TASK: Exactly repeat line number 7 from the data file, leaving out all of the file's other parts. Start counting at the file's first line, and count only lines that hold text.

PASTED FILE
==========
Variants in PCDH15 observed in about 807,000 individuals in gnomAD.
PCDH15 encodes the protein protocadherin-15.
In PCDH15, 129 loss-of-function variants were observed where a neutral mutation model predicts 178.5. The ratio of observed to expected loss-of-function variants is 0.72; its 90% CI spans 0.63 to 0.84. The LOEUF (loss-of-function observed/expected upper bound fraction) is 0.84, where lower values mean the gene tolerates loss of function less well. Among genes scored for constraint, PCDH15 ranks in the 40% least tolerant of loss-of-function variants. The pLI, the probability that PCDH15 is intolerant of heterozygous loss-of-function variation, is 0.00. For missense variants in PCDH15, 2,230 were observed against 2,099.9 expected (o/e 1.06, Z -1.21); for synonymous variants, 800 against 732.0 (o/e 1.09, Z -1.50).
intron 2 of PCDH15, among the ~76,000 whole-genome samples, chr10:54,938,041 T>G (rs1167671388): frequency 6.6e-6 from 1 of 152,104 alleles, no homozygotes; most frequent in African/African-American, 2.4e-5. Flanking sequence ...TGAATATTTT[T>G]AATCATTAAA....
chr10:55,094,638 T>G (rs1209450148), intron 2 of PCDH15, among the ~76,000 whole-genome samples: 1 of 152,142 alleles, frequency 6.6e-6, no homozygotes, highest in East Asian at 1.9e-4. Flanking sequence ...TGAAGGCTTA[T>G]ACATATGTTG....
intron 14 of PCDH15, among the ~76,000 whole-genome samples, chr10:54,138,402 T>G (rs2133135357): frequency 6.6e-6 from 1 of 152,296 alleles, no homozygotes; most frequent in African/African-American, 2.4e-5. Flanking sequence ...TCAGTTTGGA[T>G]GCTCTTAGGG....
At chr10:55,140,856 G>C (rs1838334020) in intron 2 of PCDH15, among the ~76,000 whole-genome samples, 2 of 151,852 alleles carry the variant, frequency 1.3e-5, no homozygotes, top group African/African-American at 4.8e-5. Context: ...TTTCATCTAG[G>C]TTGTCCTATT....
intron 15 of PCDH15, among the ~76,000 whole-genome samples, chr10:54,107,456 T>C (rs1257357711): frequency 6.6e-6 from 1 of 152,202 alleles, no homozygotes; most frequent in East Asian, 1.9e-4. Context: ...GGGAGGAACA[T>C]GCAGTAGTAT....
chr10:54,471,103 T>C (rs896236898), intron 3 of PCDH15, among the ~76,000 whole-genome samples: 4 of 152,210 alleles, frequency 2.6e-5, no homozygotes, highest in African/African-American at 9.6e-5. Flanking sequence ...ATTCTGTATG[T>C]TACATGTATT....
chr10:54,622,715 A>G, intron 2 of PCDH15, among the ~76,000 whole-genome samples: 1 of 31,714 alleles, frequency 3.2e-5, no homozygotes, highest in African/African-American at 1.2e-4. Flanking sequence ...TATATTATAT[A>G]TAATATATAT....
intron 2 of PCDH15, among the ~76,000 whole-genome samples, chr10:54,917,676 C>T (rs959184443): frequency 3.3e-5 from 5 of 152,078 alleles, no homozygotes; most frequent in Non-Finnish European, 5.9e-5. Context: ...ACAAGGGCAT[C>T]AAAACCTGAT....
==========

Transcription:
At chr10:55,140,856 G>C (rs1838334020) in intron 2 of PCDH15, among the ~76,000 whole-genome samples, 2 of 151,852 alleles carry the variant, frequency 1.3e-5, no homozygotes, top group African/African-American at 4.8e-5. Context: ...TTTCATCTAG[G>C]TTGTCCTATT....